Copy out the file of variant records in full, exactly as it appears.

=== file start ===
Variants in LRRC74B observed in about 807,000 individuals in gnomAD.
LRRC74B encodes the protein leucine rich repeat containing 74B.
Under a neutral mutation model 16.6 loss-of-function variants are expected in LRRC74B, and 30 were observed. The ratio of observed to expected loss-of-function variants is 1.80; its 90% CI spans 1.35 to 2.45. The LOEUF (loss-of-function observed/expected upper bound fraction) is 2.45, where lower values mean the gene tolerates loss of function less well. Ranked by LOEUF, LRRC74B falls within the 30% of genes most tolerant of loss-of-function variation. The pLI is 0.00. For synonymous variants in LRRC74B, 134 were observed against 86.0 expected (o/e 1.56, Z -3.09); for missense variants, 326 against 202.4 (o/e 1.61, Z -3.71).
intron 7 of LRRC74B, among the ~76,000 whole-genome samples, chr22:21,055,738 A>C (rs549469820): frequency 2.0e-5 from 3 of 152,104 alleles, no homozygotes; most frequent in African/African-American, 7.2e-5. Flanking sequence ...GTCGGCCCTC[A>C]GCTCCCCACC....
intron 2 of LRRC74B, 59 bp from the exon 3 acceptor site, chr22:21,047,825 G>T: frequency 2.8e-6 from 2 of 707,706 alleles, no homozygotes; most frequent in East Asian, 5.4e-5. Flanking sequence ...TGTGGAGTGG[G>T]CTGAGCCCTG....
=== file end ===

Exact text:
Variants in LRRC74B observed in about 807,000 individuals in gnomAD.
LRRC74B encodes the protein leucine rich repeat containing 74B.
Under a neutral mutation model 16.6 loss-of-function variants are expected in LRRC74B, and 30 were observed. The ratio of observed to expected loss-of-function variants is 1.80; its 90% CI spans 1.35 to 2.45. The LOEUF (loss-of-function observed/expected upper bound fraction) is 2.45, where lower values mean the gene tolerates loss of function less well. Ranked by LOEUF, LRRC74B falls within the 30% of genes most tolerant of loss-of-function variation. The pLI is 0.00. For synonymous variants in LRRC74B, 134 were observed against 86.0 expected (o/e 1.56, Z -3.09); for missense variants, 326 against 202.4 (o/e 1.61, Z -3.71).
intron 7 of LRRC74B, among the ~76,000 whole-genome samples, chr22:21,055,738 A>C (rs549469820): frequency 2.0e-5 from 3 of 152,104 alleles, no homozygotes; most frequent in African/African-American, 7.2e-5. Flanking sequence ...GTCGGCCCTC[A>C]GCTCCCCACC....
intron 2 of LRRC74B, 59 bp from the exon 3 acceptor site, chr22:21,047,825 G>T: frequency 2.8e-6 from 2 of 707,706 alleles, no homozygotes; most frequent in East Asian, 5.4e-5. Flanking sequence ...TGTGGAGTGG[G>T]CTGAGCCCTG....